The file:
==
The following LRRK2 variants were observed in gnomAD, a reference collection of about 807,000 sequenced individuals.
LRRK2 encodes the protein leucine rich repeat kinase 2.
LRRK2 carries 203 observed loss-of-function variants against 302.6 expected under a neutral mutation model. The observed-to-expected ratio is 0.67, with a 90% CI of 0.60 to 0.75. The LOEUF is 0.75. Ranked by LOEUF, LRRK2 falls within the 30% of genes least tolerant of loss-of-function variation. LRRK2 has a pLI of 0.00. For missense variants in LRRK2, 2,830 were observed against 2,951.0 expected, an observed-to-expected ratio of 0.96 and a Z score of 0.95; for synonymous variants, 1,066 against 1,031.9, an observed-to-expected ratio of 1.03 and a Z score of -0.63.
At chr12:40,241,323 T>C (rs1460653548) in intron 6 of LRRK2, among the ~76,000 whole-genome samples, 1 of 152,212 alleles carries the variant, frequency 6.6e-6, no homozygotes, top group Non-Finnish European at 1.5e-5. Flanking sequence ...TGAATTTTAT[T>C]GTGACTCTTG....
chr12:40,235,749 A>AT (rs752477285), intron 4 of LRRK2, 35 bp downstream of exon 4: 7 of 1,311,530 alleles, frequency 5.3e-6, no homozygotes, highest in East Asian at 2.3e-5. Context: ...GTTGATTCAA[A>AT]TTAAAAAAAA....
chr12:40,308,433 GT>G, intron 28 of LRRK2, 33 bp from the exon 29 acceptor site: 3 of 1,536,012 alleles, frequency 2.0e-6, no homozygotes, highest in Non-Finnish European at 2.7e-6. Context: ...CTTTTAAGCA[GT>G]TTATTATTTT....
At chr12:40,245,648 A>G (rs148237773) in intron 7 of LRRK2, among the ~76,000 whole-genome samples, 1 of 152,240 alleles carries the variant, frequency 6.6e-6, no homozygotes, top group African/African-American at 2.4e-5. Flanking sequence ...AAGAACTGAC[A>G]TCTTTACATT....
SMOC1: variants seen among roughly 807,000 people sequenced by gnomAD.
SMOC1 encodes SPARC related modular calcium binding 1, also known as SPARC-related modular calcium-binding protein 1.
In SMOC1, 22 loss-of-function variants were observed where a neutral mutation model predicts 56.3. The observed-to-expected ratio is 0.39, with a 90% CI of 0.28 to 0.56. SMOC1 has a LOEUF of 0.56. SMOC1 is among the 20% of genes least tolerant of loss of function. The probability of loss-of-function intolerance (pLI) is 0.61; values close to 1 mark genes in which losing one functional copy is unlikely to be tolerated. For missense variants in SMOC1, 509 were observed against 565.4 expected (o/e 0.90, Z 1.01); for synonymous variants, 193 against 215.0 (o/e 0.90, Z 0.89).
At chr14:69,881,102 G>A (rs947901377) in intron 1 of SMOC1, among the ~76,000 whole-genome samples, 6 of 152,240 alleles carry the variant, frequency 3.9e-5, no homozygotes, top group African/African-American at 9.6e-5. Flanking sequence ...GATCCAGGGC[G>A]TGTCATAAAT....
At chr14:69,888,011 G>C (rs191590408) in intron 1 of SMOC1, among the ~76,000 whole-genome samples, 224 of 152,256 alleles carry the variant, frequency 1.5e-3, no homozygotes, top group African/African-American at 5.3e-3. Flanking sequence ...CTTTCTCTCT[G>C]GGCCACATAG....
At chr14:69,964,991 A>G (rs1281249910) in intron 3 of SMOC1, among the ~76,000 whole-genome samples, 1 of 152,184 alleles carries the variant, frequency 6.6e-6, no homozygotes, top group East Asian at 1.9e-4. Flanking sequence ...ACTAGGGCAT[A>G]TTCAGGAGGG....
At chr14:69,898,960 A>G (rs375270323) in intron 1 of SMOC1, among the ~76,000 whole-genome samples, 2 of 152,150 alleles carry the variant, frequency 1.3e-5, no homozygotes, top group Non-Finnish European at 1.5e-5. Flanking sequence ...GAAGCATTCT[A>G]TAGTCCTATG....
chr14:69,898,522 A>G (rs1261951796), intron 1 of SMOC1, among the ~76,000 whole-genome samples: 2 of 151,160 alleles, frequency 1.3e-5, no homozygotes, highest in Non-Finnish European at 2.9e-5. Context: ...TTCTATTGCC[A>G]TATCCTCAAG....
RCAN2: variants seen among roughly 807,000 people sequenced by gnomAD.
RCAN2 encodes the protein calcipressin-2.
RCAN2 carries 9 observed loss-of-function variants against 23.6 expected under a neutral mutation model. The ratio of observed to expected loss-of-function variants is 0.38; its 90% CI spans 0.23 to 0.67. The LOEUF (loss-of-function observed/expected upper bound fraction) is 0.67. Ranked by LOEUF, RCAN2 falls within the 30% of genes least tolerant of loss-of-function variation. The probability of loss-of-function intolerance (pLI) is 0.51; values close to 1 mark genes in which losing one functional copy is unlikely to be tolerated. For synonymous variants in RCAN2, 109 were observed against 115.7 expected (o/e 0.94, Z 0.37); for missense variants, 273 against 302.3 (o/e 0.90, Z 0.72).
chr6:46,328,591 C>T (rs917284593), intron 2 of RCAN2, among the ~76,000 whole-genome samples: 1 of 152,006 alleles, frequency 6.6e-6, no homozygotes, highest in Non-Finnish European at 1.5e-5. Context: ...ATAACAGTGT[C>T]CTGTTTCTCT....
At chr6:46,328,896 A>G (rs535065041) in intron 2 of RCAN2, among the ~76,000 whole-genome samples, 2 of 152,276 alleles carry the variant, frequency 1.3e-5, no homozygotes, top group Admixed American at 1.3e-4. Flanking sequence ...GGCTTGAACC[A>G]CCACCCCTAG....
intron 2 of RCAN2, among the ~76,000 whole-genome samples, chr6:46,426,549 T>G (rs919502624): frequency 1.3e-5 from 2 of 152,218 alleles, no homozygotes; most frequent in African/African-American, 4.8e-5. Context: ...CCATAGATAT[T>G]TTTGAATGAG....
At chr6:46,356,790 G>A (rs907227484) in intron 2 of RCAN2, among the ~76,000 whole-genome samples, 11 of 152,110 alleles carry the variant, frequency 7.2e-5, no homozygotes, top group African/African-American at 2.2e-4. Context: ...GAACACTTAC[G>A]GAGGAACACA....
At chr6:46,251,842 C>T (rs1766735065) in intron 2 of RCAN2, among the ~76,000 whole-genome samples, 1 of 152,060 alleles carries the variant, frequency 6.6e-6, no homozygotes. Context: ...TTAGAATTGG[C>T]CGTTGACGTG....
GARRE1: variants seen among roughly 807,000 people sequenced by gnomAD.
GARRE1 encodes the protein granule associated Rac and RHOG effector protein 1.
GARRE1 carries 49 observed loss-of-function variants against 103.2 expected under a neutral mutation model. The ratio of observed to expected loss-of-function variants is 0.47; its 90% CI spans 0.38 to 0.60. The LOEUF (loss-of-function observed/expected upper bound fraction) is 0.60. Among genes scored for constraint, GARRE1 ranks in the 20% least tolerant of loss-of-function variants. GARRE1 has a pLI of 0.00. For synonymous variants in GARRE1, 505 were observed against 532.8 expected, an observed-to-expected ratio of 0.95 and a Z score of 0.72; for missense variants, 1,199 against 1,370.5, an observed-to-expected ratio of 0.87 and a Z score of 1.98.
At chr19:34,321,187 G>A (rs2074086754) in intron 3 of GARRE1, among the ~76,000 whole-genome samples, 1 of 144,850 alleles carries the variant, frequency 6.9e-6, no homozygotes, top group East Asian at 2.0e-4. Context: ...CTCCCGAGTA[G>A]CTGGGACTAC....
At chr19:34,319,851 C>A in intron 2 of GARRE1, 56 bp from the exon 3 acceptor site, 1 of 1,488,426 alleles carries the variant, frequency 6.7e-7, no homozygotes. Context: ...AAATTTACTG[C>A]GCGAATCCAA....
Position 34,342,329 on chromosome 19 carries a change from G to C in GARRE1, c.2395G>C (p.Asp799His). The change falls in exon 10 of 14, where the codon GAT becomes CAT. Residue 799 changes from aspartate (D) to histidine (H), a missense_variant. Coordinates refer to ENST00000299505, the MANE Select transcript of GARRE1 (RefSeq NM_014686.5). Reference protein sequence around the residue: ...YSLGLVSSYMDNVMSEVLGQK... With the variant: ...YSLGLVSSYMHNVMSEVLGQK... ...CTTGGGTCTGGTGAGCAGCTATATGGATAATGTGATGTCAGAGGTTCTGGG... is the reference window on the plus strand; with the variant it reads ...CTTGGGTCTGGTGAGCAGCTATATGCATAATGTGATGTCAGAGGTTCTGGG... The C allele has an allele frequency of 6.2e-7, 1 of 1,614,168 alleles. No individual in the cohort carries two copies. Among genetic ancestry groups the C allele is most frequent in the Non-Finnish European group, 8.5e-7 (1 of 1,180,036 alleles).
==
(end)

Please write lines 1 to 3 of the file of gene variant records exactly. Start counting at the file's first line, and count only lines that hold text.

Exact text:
The following LRRK2 variants were observed in gnomAD, a reference collection of about 807,000 sequenced individuals.
LRRK2 encodes the protein leucine rich repeat kinase 2.
LRRK2 carries 203 observed loss-of-function variants against 302.6 expected under a neutral mutation model. The observed-to-expected ratio is 0.67, with a 90% CI of 0.60 to 0.75. The LOEUF is 0.75. Ranked by LOEUF, LRRK2 falls within the 30% of genes least tolerant of loss-of-function variation. LRRK2 has a pLI of 0.00. For missense variants in LRRK2, 2,830 were observed against 2,951.0 expected, an observed-to-expected ratio of 0.96 and a Z score of 0.95; for synonymous variants, 1,066 against 1,031.9, an observed-to-expected ratio of 1.03 and a Z score of -0.63.